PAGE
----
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Thread: Christchurch vs Dunedin

  1. #1
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    Default Christchurch vs Dunedin

    Looking at moving back to NZ after nearly a decade in Aus. Would be studying and moving alone.
    Wanting opinions on the towns themselves. Rent prices/weather/accessibility/cost of living.
    From the North originally. Are they much of the same muchness?

  2. #2
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    Given that choice I would not even consider Christchurch. In ten years time, maybe, but right now it is a vast expanse of building sites, closed roads and traffic jams. We go down to Dunedin regularly because my elder daughter is at college there and we often remark how nice it is to go to a 'real' town.

    House prices much cheaper in Dunedin, the weather a little cooler but they certainly get their share of the good stuff.
    Last edited by mylesdw; 25th June 2015 at 08:48 AM.

  3. #3
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    If you value your investment, I wouldn't consider Dunedin at all. Like Australia and most parts of the world, you basically can't go wrong buying real estate in desirable locations IN MAJOR cities. Long term you will have more wealth because of the multiplication factor on the value of the house. For eg. my cousin in Dunedin 15 years buys a house for $70K, today it's only worth $150K. Same age house in Christchurch bought for $120K is now worth at least $400K (the earthquake insurance $ flowing into Christchurch has boosted house prices everywhere).

    If you're elderly, I strongly suggest again living in Christchurch because of the level of care and availability of specialists. You simply can't put a $ figure on health care access. Yes sure Dunedin looks nice but when you have a heart attack (where you survival is measured in seconds), having the appropriate medical resources is paramount.

  4. #4
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    The OP mentioned nothing about buying a house, only renting.

    What a strange way to live your life - based entirely on how much money you can make. You can't take it with you know :-)

    If you have a heart-attack in Chch you will probably die in a traffic jam somewhere on the way to hospital.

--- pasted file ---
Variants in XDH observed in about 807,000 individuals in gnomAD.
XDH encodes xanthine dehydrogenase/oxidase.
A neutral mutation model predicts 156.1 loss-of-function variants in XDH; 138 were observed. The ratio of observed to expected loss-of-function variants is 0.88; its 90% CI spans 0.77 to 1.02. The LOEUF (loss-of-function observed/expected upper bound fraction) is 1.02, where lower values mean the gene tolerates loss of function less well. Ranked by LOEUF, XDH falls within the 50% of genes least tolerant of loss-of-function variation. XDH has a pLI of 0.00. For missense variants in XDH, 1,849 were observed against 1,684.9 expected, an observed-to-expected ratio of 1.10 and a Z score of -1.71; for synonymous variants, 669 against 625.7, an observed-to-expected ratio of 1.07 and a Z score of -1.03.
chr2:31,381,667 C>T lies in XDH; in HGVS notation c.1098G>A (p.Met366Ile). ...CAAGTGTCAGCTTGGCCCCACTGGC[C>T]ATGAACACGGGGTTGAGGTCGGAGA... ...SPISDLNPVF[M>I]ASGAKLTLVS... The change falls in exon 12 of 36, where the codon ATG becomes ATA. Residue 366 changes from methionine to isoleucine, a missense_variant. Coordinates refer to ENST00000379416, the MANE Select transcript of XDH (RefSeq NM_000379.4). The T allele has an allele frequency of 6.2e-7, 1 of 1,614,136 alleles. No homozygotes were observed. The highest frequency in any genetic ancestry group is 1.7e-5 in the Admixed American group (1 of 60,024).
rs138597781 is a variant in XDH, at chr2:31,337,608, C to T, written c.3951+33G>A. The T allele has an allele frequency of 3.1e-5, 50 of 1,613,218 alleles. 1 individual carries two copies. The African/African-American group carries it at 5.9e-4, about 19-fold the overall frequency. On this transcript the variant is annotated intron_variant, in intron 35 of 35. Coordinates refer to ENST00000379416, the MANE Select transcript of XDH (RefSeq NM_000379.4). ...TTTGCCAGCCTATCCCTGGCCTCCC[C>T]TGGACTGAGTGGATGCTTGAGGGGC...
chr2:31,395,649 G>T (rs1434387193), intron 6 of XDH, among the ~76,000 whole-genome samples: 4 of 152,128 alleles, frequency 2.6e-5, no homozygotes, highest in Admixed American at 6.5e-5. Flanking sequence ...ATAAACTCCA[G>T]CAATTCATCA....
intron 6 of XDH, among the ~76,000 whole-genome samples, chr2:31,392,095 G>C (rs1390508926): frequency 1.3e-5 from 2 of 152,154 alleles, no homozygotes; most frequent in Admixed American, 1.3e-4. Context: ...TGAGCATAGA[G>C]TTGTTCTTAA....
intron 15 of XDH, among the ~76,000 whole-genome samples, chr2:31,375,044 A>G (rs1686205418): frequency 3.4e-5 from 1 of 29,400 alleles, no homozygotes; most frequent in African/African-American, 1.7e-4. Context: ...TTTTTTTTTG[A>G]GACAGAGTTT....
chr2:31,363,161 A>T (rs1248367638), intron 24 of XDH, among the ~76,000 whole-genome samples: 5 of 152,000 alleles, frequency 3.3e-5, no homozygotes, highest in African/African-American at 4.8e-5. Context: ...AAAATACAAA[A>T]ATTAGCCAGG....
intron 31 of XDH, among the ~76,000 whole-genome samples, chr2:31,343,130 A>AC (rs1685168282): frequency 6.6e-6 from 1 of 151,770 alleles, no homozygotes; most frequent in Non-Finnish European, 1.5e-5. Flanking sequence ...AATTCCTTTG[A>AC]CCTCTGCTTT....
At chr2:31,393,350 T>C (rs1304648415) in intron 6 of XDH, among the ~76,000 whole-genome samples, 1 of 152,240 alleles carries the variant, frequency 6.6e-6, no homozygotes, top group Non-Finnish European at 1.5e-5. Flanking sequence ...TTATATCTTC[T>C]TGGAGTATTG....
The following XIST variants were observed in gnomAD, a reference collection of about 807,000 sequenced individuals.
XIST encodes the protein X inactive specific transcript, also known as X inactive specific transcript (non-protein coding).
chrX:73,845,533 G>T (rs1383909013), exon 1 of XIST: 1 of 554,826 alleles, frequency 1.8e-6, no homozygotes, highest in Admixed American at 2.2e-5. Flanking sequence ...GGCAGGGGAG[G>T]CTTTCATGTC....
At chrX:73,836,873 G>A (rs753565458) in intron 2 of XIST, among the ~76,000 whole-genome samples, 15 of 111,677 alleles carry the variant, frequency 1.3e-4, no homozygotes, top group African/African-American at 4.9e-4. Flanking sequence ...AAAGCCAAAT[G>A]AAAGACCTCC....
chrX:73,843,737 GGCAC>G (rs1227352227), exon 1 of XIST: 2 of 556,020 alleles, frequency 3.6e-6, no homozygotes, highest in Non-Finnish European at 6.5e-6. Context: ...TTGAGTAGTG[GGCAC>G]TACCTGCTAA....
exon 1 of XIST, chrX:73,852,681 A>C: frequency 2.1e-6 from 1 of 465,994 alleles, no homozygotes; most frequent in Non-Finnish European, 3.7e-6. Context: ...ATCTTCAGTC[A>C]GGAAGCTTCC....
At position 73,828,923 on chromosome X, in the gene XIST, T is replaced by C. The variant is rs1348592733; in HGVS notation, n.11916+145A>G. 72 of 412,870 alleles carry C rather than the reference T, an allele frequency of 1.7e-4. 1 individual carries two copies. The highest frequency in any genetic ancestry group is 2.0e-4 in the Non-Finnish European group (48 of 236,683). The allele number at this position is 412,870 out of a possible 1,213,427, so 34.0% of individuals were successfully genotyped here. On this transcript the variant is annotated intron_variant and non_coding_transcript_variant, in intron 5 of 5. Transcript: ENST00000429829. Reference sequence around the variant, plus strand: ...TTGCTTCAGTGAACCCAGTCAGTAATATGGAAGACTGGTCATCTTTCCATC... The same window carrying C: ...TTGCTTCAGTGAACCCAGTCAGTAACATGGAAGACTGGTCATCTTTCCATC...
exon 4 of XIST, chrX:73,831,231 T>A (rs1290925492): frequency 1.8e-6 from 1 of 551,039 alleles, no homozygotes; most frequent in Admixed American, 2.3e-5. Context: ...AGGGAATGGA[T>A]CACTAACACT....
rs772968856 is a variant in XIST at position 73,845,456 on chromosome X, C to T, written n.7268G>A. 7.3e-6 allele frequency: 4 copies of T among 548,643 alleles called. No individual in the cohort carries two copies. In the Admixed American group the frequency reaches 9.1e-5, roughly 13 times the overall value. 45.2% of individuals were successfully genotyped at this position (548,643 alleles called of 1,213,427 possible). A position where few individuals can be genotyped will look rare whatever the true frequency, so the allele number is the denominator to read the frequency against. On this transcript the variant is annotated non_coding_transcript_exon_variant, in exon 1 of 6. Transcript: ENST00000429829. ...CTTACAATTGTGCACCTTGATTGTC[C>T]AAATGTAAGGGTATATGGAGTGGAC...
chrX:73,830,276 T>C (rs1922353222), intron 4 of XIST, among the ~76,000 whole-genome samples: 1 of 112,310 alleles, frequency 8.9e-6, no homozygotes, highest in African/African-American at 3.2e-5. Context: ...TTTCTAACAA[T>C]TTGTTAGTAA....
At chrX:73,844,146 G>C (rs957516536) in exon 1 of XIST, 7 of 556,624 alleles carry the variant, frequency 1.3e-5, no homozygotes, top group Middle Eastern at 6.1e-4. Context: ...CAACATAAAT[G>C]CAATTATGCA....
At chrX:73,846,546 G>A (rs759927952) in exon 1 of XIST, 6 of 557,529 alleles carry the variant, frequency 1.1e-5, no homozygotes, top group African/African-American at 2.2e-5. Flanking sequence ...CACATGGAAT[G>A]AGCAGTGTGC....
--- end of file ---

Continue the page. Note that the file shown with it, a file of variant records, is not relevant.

5. #5
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    The OP mentioned nothing about buying a house, only renting.
    You do realise the price of rent is relative to the price of the house?

    What a strange way to live your life - based entirely on how much money you can make.
    Question why the big 3 cities in NZ have experienced greater growths in population than the rest of the smaller towns of NZ? Auckland is going to experience the greatest increase in population due to 1) More desirable climate, 2) THE main international port for incoming and outgoing flights (particularly to Asia). & 3) Auckland commands the biggest salaries and wages in NZ.

    If you have a heart-attack in Chch you will probably die in a traffic jam somewhere on the way to hospital.
    When you call 111, the ambulance comes and takes you to the hospital. Unlike Auckland and Wellington, Christchurch is flat and doesn't have nearly the same level of traffic congestion. If you live in Dunedin (or any small town with few specialists), it does not matter how fast you get to the hospital if the specialist teams are not available.

  6. #6
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    Quote Originally Posted by Super_BQ View Post
    You do realise the price of rent is relative to the price of the house?



    Question why the big 3 cities in NZ have experienced greater growths in population than the rest of the smaller towns of NZ? Auckland is going to experience the greatest increase in population due to 1) More desirable climate, 2) THE main international port for incoming and outgoing flights (particularly to Asia). & 3) Auckland commands the biggest salaries and wages in NZ.



    When you call 111, the ambulance comes and takes you to the hospital. Unlike Auckland and Wellington, Christchurch is flat and doesn't have nearly the same level of traffic congestion. If you live in Dunedin (or any small town with few specialists), it does not matter how fast you get to the hospital if the specialist teams are not available.

    If rents are relative to the houseprices, they would be cheaper in dunedin, then?

    I guess that everything is relative- not everyone prefers the more humid climate of Auckland. And salaries and wages might be higher, but living costs in Auckland, due to the prices for rent or houses, are higher than, for example, in Dunedin, I should think.

    And the hospital in Dunedin might be smaller, but due to the fact that it is a teaching hospital, I doubt that there are no specialists available. If I would follow your reasoning, we could never live in a small town like Blenheim....., but I don't want to live my life in fear of dying!

  7. #7
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    Default Dunedin

    Quote Originally Posted by Aurora31 View Post